Amnesty International: World turning a blind eye to 1988 mass disappearance | Page 2 | Iran International

Amnesty International: World turning a blind eye to 1988 mass disappearance

Amnesty International Organization has criticized the international community for ignoring the 1988 massacre of political prisoners in Iranian prisons.

In a statement for the International Day of Enforced Disappearance, Amnesty International stated: “The Iranian authorities’ continued failure to disclose the fate and whereabouts of thousands of political dissidents who were forcibly disappeared and extrajudicially executed in secret during Iran’s 1988 prison massacres has sparked a crisis that for decades has been largely overlooked by the international community.”

Thousands of political dissidents of the Islamic Republic in Iran, largely members of Mujahedin Khalgh Organization, were massacred in the Summer of 1988 while serving their time in prison.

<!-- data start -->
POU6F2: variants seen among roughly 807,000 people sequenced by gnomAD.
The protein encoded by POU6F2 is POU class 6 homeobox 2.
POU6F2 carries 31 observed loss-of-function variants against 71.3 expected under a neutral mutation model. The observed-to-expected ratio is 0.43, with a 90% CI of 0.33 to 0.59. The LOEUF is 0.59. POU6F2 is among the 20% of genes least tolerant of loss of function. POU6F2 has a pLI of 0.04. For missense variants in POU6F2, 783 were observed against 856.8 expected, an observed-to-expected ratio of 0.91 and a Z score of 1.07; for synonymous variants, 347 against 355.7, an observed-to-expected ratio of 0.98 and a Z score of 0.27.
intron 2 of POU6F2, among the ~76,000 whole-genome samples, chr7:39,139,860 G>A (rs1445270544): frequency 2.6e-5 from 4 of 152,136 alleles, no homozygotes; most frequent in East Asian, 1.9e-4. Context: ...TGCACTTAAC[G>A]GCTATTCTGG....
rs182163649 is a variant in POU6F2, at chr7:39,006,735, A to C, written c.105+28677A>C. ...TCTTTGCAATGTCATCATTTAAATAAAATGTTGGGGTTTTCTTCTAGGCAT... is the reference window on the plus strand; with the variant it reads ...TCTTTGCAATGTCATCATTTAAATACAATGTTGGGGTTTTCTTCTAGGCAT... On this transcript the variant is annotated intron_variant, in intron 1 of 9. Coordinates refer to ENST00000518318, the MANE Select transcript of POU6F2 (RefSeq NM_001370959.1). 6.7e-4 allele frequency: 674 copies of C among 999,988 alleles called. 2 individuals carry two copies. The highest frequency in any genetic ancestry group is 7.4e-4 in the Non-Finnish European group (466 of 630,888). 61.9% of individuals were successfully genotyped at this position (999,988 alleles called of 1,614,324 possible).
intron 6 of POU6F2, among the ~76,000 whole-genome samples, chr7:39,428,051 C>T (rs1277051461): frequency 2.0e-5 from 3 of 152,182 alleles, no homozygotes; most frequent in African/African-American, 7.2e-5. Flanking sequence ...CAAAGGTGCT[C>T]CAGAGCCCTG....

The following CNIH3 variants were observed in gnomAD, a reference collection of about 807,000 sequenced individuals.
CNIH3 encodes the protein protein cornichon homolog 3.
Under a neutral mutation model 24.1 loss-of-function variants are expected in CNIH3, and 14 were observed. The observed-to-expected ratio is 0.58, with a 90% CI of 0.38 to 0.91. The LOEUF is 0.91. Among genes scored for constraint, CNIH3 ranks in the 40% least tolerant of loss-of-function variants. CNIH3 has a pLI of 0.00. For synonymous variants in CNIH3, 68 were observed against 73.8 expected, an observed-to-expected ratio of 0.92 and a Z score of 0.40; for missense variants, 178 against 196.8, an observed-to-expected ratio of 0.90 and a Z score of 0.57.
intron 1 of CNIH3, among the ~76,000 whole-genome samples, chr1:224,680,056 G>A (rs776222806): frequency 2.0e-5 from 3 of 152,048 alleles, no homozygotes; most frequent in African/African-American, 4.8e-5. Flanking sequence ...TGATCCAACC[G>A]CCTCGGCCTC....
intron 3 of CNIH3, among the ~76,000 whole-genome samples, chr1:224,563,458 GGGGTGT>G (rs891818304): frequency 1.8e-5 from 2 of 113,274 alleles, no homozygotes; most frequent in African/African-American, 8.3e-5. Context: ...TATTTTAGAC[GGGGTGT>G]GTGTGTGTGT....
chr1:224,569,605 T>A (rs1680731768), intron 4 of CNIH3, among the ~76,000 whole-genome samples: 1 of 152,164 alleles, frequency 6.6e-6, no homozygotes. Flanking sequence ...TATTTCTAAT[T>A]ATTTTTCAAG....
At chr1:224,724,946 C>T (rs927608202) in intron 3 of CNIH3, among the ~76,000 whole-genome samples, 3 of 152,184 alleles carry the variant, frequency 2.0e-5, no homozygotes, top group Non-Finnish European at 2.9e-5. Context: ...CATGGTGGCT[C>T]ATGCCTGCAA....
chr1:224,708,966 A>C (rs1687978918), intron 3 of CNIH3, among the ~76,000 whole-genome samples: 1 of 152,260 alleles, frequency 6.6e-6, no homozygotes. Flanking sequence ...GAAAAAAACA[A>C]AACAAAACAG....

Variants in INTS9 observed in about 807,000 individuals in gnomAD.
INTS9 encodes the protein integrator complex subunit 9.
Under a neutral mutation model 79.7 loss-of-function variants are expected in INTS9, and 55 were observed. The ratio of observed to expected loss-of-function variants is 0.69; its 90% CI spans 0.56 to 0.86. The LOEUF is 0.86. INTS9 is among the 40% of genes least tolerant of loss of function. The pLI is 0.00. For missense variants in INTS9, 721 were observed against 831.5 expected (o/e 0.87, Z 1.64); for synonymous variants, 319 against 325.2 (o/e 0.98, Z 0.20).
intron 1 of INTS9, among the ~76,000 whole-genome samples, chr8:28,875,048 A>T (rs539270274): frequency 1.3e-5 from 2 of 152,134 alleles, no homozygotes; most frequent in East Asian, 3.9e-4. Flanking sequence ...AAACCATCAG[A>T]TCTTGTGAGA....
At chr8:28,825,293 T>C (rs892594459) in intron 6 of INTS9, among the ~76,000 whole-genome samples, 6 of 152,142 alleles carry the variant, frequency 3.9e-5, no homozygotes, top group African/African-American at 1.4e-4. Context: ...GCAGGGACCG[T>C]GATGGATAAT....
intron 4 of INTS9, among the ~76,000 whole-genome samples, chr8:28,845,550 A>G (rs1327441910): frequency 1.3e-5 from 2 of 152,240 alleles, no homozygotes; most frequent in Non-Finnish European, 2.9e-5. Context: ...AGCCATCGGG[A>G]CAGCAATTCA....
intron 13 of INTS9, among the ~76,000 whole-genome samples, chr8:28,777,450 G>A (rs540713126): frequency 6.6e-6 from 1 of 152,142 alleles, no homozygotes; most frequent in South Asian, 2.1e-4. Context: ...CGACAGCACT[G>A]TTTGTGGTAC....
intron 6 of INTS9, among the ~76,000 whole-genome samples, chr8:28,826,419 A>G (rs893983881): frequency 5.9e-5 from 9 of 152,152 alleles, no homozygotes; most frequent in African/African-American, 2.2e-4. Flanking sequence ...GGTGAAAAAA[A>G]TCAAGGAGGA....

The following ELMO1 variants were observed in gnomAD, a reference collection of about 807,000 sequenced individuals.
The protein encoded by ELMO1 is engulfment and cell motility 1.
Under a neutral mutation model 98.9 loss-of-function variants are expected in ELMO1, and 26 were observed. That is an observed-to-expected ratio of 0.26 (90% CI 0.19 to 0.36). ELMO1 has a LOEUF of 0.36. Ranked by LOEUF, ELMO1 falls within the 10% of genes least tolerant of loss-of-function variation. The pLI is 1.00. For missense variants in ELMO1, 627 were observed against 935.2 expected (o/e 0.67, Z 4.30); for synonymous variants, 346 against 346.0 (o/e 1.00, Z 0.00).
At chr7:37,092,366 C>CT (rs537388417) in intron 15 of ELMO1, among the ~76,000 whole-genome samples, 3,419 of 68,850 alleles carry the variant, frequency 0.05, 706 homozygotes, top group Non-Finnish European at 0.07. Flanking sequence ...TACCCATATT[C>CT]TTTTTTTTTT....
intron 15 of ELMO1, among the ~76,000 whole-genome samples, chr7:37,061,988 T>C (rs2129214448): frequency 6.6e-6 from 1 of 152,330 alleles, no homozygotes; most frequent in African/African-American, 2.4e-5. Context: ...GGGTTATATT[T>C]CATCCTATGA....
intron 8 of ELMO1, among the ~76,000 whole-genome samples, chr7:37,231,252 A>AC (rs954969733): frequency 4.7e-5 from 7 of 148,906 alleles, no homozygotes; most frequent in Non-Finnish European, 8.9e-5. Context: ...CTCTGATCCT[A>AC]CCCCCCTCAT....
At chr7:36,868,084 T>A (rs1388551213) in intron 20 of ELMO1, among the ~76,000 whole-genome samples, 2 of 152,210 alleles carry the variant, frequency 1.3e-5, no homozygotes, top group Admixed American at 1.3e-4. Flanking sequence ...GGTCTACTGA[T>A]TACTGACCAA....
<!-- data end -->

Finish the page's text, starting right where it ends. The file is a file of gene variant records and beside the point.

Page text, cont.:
31 years after the massacre, Amnesty writes: “Thousands of the victims’ deaths remain unregistered and, across the country, there are thousands of missing bodies buried in unidentified mass graves.”

Philip Luther, the Middle East and North Africa Research and Advocacy Director at Amnesty International says: “The families of those secretly killed in the 1988 prison massacres are still living through a nightmare. They and many others in Iran are haunted by the thousands of missing bodies, which have cast a specter over the country’s justice system to this day.”

“It is misguided to view the 1988 mass killings as historical events. The enforced disappearances are ongoing and, 30 years later, victims’ families continue to be tormented by anguish and uncertainty over the fate of their loved ones,” the statement continues.

The statement also suggests that the Islamic Republic is committing an ongoing “crime against humanity” by “continuing to systematically conceal the fate and whereabouts of victims of the secret extrajudicial killings of 1988 in Iran.”

Amnesty International has called for the UN to set up an independent investigation into the extrajudicial executions and enforced disappearances to establish the truth, enable prosecutions of those suspected of responsibility and ensure that survivors and families of victims receive reparations.

Recently, Mostafa PourMohammadi, former deputy Intelligence Minister and a member of the “death squad” in charge of the massacre of 1988, defended the mass executions.

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